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I'm doing Project Euler problems as a learning platform for Forth. Currently I'm solving Project Euler Problem 8 which involves a 1000-long string, which I entered directly in the source code.

My questions are:

  1. What options are common for dealing with input?
  2. If I put the locals on the stack, won't that make the loop too full of (otherwise unneeded) stack manipulation words?
  3. Suggestions, criticism, nitpicks are welcome...
: e008-multNdigits ( a n -- p )
    1 swap 0 do swap dup i + c@ [char] 0 - rot * loop nip ;

: euler008
    0 13 locals| length maxproduct |
    s" 731671765313306249192...450"
    ( a 1000 )
    length - 0 do
        dup i + length e008-multNdigits
        dup maxproduct > if to maxproduct else drop then
    loop maxproduct . ;
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2 Answers 2

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Disclaimer: my Forth is extremely rusty.

  • length does not need to be local; is not a variable, it is a constant. Declare it as such:

    13 constant length
    
  • Dealing with input. The stack annotation ( a 1000 ) strongly hints that what follows wants to be the word on its own. Indeed, logic should be separated from IO. Consider, for example, something along the lines of

    : e008 ( a n -- p)
        ....
    ;
    
    s" 731671765313306249192...450"
    euler008
    .
    

    Once the logic and IO are separated, you may use open-file and read-file if you wish.

  • I do not endorse one-liners, especially if they involve loop. Consider

    : e008-multNdigits ( a n -- p )
        1 swap 0
        do
            swap
            dup i +
            c@ [char] 0 -
            rot *
        loop
        nip ;
    

    As a side note, nip is very rarely useful, and usually it is an indication of the suboptimal design. Try to get rid of it. The nipped value, if I am not mistaken, is a base address of the array. I have an impression that its only purpose is to undo a dup in the caller. Try to get rid of both.

  • The line

      dup maxproduct > if to maxproduct else drop then
    

    is a long way to say

      maxproduct max to maxproduct
    
  • Consider having max product at TOS prior to setting up a call to e008-multNdigits. In this case,

      length - 0 do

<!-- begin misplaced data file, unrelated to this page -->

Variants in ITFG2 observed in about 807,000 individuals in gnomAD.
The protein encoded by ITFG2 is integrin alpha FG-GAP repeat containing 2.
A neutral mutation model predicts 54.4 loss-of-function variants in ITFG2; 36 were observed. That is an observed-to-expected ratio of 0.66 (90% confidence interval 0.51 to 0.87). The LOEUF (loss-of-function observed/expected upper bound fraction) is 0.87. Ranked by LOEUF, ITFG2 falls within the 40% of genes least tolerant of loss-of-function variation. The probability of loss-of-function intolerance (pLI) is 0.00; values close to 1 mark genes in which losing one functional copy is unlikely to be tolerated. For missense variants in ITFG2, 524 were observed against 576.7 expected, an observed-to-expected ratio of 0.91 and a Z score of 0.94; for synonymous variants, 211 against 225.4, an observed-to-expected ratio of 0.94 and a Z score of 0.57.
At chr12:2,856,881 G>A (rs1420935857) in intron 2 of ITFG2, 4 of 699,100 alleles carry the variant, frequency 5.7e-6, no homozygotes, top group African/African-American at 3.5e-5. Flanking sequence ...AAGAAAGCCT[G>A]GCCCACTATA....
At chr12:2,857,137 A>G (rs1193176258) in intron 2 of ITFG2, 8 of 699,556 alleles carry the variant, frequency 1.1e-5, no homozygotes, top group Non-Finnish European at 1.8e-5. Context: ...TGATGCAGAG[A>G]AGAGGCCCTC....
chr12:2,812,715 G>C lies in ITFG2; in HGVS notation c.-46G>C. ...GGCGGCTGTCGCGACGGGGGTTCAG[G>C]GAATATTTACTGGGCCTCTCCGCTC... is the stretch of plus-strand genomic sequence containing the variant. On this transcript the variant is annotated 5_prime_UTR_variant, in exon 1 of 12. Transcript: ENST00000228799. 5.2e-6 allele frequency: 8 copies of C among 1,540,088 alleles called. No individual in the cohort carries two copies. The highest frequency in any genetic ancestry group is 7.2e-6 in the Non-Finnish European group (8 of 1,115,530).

dup i + length e008-multNdigits
          max
    

    would suffice, and eliminate the need for the local.


Not Forth-related issues:

  • The algorithm performs 13000 multiplications. A sliding window approach lets you get away with 1000 multiplications and 1000 divisions. Of course an extra care should be taken when 0 is encountered.

  • The product of 13 digits may take as much as 42 bits. A naive multiplication fails on a 32-bit cells.


Finally, Project Euler is not about programming. It is about math. To hone your Forth skills, consider implementing classical algorithms, and benchmark them against conventional implementations.

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  • \$\begingroup\$ Thanks a lot for your comments; still working on them. I'm using gforth on a 64-bit Debian: it uses 64-bits cells -- I had checked that earlier. \$\endgroup\$
    – pmg
    Jun 27, 2020 at 10:39
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After @vnp's suggestions (input separated from logic, locals removed without too many stack manipulations, use MAX word, maximum product on TOS), the code changed to

s" 731671765313306249192251196744265747423...450"
   2constant e008-input-string

\ stack comment legend
\ a address; w width, p product, l length, M maxproduct

\ multiply w consecutive digits from a
\ uses w internally but keeps it on stack for next loop
: e008-multNdigits ( w a -- w p )
    2dup + 1 rot rot swap         \  ( w 1 w+a a )
    do i c@ [char] 0 - * loop ;   \ keep *ing each digit with the 1

: euler008 ( w a l -- M )
    \ set up stack
    >r >r 0 over rot r> dup rot - r> + swap ( 0 w a-w+l a )
    do i e008-multNdigits rot max swap
    loop drop ;

\ run with, eg: 13 e008-input-string euler008 .
\ or 2 s" 1111111118761111" euler008 . ==> prints 56
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